Improve your life – without spending a cent…

One of the most common things we hear parents of young children asking is “What do you say?” And children soon learn to respond by rote, usually with little enthusiasm or sincerity, “Thank you.” It is a social lubricant which gives us some veneer of civility as we live together in society. It is a necessary lesson.

But each of us has also experienced the deeply sincere expression of thanks from friends, family members or even strangers. These expressions that emanate from the heart and embody real gratitude. And we hope and trust that those first reluctant, prompted thanks you’s we squeeze from our children will over time mature into real and felt gratitude.

What is the best expression of thanks?  Depending on which industry you believe it is best expressed in flowers, candy, jewellery or personal items such as clothing or even gift cards.  We seem to want to embody thanks in some way. And that may just be the right track. Rather than mere words which can communicate either deep truth or just a socially expected expression  – some tangible form can be given to our thanks.

A hand written note of thanks seems to have more value to most of us than just the casual “thanks a lot.” It indicates time taken and thought given to expressing gratitude. There is a sense in which the note incarnates the gratitude felt.

What the scriptures both Hebrew and Christian lead us towards is something even more personal – more incarnational. They point us towards living a life in response to gratitude. Our life then becomes the expression of thanks to God, and to others.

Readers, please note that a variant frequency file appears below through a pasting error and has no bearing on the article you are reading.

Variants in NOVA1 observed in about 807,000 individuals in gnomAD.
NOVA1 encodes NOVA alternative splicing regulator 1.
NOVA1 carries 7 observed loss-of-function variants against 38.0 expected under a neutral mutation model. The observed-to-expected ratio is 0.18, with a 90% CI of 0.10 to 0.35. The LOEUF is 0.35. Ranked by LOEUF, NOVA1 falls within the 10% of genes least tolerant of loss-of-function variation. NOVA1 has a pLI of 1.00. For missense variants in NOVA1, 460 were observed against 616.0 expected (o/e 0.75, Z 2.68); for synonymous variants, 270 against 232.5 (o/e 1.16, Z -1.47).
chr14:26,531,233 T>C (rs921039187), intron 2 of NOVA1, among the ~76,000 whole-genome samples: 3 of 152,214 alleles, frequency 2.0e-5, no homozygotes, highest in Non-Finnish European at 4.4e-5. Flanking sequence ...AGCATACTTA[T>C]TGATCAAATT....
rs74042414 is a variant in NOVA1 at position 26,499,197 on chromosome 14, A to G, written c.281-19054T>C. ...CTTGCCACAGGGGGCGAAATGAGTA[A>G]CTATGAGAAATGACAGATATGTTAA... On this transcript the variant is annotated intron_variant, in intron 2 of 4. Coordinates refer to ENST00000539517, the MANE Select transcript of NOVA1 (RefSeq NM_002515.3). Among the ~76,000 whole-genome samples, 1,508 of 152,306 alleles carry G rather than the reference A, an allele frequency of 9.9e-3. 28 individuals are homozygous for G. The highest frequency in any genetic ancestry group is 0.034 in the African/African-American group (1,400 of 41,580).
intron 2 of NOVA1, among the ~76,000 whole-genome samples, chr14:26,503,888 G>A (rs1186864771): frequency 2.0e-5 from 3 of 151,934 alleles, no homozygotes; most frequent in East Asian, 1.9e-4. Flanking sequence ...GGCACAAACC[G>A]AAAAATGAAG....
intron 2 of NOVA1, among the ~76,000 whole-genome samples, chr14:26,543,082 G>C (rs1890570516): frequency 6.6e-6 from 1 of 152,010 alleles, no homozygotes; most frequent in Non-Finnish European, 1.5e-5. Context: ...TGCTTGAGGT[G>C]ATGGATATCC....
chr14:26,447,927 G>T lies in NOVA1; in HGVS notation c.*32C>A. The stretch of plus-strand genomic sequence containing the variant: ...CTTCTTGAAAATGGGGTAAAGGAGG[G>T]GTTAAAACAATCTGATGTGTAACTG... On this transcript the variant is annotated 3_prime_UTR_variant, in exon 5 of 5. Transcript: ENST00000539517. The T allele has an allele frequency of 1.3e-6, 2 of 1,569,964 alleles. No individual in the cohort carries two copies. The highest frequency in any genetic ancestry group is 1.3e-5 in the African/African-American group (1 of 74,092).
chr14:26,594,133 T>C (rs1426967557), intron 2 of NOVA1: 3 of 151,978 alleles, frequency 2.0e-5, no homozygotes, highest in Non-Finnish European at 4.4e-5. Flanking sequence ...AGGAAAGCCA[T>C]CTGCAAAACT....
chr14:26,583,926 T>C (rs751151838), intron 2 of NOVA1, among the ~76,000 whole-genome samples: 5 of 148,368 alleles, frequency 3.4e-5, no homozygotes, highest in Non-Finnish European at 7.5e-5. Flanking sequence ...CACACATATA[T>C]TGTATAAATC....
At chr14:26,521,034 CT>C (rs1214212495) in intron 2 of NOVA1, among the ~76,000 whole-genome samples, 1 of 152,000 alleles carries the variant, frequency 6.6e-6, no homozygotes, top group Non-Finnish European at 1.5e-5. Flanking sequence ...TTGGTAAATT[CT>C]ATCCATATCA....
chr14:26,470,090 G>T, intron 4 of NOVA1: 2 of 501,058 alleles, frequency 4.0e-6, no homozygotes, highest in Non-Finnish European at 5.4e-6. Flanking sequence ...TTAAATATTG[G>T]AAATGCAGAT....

We were asked to bring socks and blankets to the downtown churches Thanksgiving Eve service. These items will be distributed through the Exit 0 ministry. We can choose to contribute either in response to the expectation that we donate something; or we can do itt in response to a sense of gratitude for the blessing we enjoy and wanting to share those blessings with God’s people.

What is the difference between those two? For the homeless who will receive these socks and blankets there will be no difference. The socks and blankets will be just as clean and warm – no matter whether we have offered them out of duty or out of gratitude. The prime recipient of the difference is us. When we live our life in gratitude for what we have it makes our life better and enriches the lives of those around us.

How can we improve our life without spending one penny more? Simply by learning to see the blessings around us and be grateful for what we have rather than concentrate on and be desirous of what we do not have. We live in the richest country in the world ut all our advertising is telling us we need more to be happy. Happiness is not having more it is appreciating what we do have. And the more we practice the art of gratitude the more joy we will have; the more we will be able to share with others, and the better or lives will both seem and will be.

Gratitude is not a natural response – it is learned. And like anything other learned skill it improves as we practice it. This is why Jesus encouraged thankfulness and generosity – not just because it is good for others but also it is because it benefits the person exercising them the most.

So for us as adults the key is not the prompt from childhood  “what do you say” – but Jesus’ implied question “what do you DO?” .


About don

The Rev Don Hill is an Episcopal priest, rail fan and writer. He and his wife the Rev. Dr. Nancy Woodworth-Hill are currently Co-Pastors of St Paul's Episcopal Church, Jeffersonville IN, in the Diocese of Indianapolis. They also work as parish consultants in Appreciative Inquiry, strategic planning and spirituality development for parishes and vestries.
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